Tea Tree Oil and Hormonal Side Effects: Fact or Myth?

We live in a world where the everyday items in your life could have an unexpected impact on your health. Let's dive into a story that uncovers one such journey involving unlikely culprits: lavender and tea tree oils.

Gynecomastia: An Unusual Consequence

So, there's this thing called gynecomastia, a fancy word for the abnormal growth of breast tissue. It's not something you'd expect to encounter, especially when dealing with essential oils. Lavender and tea tree oils, two fragrant favorites, found themselves in the spotlight due to a curious case series featured in the New England Journal of Medicine.

Picture three young boys, each experiencing breast growth while using products containing these oils. Lavender and tea tree oils? You might be wondering, "How could these innocent-looking oils be to blame?" Well, here's where the plot thickens. The breast growth miraculously vanished when they stopped using these products. That raised eyebrows and led to further investigations.

Lavender and Tea Tree Oils and Investigating Hormone-Altering Activities


Intriguingly, experiments on human cell lines unveiled that both lavender and tea tree oils had hormone-altering activities. They leaned towards pro-female hormone and anti-male hormone effects. Scientists started to connect the dots, suspecting that repeated exposure to these oils might be the root cause.

However, there's always another side to the story. A representative from a tea tree oil company pointed out a valid counter-argument. Of the three boys affected, only one had been exposed to tea tree oil, whereas all three had used lavender oil. Could lavender be the real culprit in all cases? The debate continued.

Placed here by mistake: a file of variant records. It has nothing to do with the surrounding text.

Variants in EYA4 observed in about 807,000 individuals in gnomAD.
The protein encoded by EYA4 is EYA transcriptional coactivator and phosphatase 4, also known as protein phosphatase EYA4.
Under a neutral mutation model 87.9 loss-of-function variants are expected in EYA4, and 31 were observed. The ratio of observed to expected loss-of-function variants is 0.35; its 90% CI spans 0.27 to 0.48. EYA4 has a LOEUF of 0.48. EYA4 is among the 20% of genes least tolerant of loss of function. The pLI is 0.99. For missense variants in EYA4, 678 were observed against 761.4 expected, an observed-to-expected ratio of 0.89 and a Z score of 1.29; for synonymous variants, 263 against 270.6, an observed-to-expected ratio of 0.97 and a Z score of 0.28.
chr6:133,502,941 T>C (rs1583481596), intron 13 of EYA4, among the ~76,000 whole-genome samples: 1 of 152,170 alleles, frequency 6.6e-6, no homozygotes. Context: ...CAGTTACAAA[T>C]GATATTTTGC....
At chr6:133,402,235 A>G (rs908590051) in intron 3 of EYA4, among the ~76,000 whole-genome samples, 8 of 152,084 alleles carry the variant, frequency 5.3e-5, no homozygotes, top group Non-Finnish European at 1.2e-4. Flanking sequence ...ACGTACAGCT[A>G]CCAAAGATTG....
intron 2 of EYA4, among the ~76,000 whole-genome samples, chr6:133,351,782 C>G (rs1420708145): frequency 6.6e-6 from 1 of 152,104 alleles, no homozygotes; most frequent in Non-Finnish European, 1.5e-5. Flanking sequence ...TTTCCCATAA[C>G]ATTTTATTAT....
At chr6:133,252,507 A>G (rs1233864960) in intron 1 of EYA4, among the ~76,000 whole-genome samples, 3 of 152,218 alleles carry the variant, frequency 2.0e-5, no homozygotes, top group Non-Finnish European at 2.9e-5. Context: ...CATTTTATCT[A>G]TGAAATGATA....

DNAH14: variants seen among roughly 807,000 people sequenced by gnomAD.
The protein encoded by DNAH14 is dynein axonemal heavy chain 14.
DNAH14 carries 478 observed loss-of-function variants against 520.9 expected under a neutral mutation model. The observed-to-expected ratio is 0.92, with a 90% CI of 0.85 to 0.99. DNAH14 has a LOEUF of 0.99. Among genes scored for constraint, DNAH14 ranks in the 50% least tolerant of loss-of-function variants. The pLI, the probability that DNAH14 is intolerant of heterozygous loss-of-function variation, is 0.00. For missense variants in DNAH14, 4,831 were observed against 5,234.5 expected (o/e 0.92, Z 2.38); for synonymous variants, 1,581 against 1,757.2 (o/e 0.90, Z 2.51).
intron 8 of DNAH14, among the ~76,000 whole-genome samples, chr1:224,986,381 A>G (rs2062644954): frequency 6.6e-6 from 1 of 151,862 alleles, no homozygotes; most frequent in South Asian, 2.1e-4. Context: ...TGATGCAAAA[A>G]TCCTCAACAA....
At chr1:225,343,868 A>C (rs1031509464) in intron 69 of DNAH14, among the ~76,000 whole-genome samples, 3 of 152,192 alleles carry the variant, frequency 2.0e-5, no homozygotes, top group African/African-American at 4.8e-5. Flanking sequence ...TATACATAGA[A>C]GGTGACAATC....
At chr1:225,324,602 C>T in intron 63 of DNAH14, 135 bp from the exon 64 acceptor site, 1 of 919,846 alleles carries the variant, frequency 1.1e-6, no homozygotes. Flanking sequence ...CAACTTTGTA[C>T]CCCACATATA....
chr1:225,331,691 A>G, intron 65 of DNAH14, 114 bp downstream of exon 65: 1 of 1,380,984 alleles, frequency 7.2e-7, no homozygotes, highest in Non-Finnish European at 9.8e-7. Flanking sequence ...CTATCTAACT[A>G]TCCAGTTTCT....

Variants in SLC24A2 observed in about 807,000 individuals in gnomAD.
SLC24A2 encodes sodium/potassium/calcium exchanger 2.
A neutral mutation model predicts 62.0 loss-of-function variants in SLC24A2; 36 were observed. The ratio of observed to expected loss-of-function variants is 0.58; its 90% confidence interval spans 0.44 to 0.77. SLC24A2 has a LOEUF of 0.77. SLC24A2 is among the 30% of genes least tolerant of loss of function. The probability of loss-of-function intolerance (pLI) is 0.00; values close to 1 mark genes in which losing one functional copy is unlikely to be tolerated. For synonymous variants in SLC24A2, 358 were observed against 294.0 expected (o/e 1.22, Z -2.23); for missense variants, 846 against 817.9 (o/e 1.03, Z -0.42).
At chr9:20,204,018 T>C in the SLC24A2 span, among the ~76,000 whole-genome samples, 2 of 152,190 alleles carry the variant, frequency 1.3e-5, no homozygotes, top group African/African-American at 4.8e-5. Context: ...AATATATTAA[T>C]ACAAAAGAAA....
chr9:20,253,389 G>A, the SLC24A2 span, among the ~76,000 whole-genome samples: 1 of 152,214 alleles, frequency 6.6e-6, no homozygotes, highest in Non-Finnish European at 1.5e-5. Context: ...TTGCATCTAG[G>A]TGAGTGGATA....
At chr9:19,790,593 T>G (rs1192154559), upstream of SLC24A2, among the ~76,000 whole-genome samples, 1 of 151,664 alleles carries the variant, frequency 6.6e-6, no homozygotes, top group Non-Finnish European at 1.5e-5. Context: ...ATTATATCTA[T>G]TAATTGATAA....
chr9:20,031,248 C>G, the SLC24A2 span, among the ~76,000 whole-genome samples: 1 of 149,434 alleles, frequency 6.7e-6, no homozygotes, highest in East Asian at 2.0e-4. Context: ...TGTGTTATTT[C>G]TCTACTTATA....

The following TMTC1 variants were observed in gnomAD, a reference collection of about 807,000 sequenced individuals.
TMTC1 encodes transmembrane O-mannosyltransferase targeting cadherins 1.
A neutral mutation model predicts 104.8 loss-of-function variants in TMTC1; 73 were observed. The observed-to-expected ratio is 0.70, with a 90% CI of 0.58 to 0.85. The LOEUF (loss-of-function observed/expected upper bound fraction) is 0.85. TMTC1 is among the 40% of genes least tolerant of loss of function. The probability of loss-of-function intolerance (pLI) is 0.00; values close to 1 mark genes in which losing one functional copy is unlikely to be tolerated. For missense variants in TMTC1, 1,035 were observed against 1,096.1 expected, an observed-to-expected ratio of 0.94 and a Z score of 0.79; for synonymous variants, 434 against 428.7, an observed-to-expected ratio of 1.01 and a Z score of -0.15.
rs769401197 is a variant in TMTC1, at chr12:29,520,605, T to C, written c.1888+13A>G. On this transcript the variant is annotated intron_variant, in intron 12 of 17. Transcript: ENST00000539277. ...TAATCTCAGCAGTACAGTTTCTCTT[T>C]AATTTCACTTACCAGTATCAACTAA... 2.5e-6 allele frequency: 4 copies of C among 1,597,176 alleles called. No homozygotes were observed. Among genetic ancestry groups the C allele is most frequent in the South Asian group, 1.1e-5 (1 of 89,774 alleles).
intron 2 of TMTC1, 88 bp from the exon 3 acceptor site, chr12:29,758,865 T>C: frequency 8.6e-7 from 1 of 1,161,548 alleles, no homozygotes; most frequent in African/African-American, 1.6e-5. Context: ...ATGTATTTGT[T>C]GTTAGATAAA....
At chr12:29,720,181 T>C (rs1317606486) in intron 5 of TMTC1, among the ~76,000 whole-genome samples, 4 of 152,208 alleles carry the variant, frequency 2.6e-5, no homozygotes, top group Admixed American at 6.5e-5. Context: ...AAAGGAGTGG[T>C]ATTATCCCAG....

To shed light on this mystery, researchers delved into in vitro effects, conducting experiments on breast cancer cells. When a dash of estrogen was introduced, the cells' growth surged exponentially. But, add an estrogen blocker to the mix, and the effect vanished. This was convincing, but it sparked a debate among herbal proponents who argued that in vitro testing alone might not be enough to indict traditionally used products.

The Tea Tree Oil Industry Association chimed in, emphasizing that only a few compounds from tea tree oil could penetrate the skin. What if the effects were solely due to these compounds? This question lingered until further studies were conducted later that year.

Unraveling the Compounds of Tea Tree Oil

Fast forward to the lab where breast cancer cells were subjected to increasing doses of whole tea tree oil in a petri dish. The cells responded by increasing their growth, a clear estrogenic effect. However, this wasn't the whole story. When examining the three components of tea tree oil that make it into the bloodstream when applied to the skin, none of them appeared to have estrogenic effects, whether alone or combined.

This revelation led European consumer safety officials to conclude that the link between gynecomastia and topical tea tree oil use seemed implausible. The story took another twist when researchers explored the use of a lavender/tea tree oil spray to address excessive hairiness in women. The results were astounding. After three months, the hair diameter in the placebo group remained unchanged, but in the lavender/tea tree oil group, all hairs ended up thinner.

Lavender and Tea Tree Oil for Excessive Hairiness

This surprising twist in our tale demonstrated that the combination of lavender and tea tree oils applied topically could effectively reduce mild excessive hairiness, offering a potentially safe, economical, and practical solution.

In the end, the journey through the curious world of essential oils unveiled both mysteries and practical applications that continue to shape our understanding of the unexpected impacts of everyday items on our health.


Here's the best way to pick organic tea tree oil:

  1. Choose certified organic

  2. Ingredients List: The only ingredient listed should be 100% pure tea tree oil (Melaleuca alternifolia). There should be no additives, fillers, or synthetic substances.

  3. Source: Research where the tea tree oil is sourced. Australia is known for producing some of the best tea tree oil. Organic certification may also indicate a commitment to sustainable and ethical practices.

  4. Price: While organic tea tree oil may be slightly more expensive, extremely low prices may be a red flag. Quality tea tree oil requires careful cultivation and extraction, which comes at a cost. Whole Foods have a great selection on tree tea oil.